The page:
TEN YEARS

Ten years.

A decade.

That’s how long I’ve been teaching.

My first day of teaching was on September 8, 2004. It has been ten years, 12 days since I handled my very first English class. I remember my very first day. I wore a green Akita boat neck top and black slacks. I remember because it was Mama Mary’s birthday, so on my very first day I remember being out of place because instead of blue, I was wearing green. I didn’t have first period because it was used for the prayer service for the grade school. After that prayer service I don’t really remember much.

What I DO remember is making a whole ton and a half (and more!) mistakes not just in my first year of teaching but also in the years that follow. Until now, I admit I still make mistakes. Proof would be in my yearly performance appraisal. There’s always room for improvement.

September 8 2014, the date that marked the tenth year anniversary of my teaching life came and passed with nary a thought in my head. It was only now when I was recalling a conversation I had with a few students this past week that I remembered I’ve been teaching ten full years. The realization was both amazing and, well, challenging.

I was amazed that I could dedicate ten years of my life to one passion. Yes, teaching IS a passion. I’ve never been able to fully see myself in any other job. I’ve seen myself as a secretary, as an executive, as a clerk, as a writer, as a researcher, as a newscaster, but none of them stuck. Only the image of me as a teacher has remained. If–heaven forbid–I find myself suddenly separated from my current school, I believe I’d still look for teaching jobs or anything that puts me in a position of teaching, like maybe a trainer for a call center like my former roommate.

The challenge I give myself requires a bit of backstory for you to understand fully.

My mind works in images. Everything I’ve been able to do, I’ve been able to see in my head. I distinctly remember thinking in grade 3 (I kid you not) that my goal would be to graduate grade school with honors. I did it. I saw myself as a CAT officer in high school, and I became one. I saw myself growing to 5’1″ to reach the CAT officer physical requirements and I did it (well, whatever). I saw myself graduating with honors in high school, and I did it (although it wasn’t as high as I wanted it to be). I saw myself getting into my dream school, Ateneo, and I did it. I saw myself winning that Japanese speech contest my roommate’s org sponsored, and I did it. I saw myself going on dates, and I did it. I saw myself as a teacher, and I became one.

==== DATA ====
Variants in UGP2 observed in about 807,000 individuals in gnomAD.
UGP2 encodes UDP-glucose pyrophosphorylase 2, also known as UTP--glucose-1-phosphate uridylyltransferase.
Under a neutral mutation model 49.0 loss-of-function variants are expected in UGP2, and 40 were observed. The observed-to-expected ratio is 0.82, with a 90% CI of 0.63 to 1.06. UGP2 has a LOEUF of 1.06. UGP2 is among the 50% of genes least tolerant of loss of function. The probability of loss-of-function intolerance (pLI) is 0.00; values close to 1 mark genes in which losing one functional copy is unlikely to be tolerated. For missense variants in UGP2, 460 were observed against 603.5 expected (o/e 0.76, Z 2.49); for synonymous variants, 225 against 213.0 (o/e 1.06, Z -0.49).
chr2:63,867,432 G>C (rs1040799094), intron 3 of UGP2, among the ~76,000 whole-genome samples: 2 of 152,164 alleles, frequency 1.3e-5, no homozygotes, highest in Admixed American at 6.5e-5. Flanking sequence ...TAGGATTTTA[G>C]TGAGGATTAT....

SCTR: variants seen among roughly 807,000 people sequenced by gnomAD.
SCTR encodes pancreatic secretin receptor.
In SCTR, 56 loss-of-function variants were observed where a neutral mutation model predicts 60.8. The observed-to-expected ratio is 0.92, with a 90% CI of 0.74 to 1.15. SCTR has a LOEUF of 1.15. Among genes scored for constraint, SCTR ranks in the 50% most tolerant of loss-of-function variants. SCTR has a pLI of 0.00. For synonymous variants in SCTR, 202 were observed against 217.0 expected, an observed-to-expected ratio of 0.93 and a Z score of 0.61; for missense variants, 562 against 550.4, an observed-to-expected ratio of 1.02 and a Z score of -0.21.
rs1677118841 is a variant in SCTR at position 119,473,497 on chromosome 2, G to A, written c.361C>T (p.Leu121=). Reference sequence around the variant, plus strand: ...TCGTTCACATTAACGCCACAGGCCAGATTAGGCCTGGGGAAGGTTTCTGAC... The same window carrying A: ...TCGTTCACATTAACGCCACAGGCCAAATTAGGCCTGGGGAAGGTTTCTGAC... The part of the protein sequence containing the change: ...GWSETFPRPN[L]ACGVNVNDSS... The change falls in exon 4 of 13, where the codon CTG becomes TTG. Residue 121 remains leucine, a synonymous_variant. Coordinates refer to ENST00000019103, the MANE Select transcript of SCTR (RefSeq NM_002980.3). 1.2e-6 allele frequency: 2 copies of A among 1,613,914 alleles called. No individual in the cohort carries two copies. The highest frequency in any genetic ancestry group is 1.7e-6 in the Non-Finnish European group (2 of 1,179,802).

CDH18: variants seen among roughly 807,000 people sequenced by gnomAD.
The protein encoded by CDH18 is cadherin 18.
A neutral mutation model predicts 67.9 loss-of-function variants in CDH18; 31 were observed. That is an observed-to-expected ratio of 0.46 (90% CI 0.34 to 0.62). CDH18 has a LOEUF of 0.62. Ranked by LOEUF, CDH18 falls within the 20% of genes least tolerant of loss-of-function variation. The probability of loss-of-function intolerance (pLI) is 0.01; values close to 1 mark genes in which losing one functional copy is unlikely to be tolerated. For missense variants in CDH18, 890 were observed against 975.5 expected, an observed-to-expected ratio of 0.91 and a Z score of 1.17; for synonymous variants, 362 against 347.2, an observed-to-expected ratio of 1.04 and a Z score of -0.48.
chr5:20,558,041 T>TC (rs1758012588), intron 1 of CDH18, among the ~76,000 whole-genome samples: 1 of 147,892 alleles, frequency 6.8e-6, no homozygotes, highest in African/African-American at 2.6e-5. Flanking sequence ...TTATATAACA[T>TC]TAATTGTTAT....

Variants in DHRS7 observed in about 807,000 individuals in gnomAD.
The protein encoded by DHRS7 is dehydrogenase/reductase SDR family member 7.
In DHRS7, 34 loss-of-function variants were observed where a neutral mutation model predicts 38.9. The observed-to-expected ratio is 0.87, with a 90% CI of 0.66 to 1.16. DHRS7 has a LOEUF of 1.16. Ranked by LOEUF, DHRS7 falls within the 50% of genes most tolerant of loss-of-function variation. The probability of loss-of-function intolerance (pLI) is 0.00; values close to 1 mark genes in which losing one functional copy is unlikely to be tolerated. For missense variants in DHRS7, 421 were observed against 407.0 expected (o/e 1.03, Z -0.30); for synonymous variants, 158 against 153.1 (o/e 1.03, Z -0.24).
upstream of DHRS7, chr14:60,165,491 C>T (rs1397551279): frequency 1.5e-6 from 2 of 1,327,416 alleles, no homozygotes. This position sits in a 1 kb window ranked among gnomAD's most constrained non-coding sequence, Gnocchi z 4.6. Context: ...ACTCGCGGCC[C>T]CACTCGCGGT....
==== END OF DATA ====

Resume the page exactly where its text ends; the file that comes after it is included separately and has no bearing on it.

My mind has always been able to show me in images the next stage of my life. The problem now is that my mind keeps drawing a blank. I seem to have reached a dead end. Am I stuck forever as a teacher?

There is nothing wrong with being a teacher, I know, because it is a truly noble profession, but I can’t accept that there is no next stage for me. Sure, I’ve made changes in my career such as making the move to a new campus and teaching grade 2 for one year after teaching grade 6 for the longest time, and then teaching high school and then… I don’t know. These don’t seem ENOUGH.

I’ve taken graduate degree units for education so that I could apply for a teaching license. I shifted to a literature course after passing the licensure exam for teachers, but I never got to finish it. This, then, provides me with my challenge: to finish my graduate degree.

Ten years of working as a teacher. Ten years of passing on knowledge and skills. Ten years of trying to help kids become persons for others.

I think it’s time I start receiving knowledge and skills again. In a formal academic setting as a student and not through peer discussions, mind you.

Apprehension and excitement fill me, but if I’m ever going to meet my own challenge, I’m going to need tons of determination and zero laziness. (Yun yun e.)

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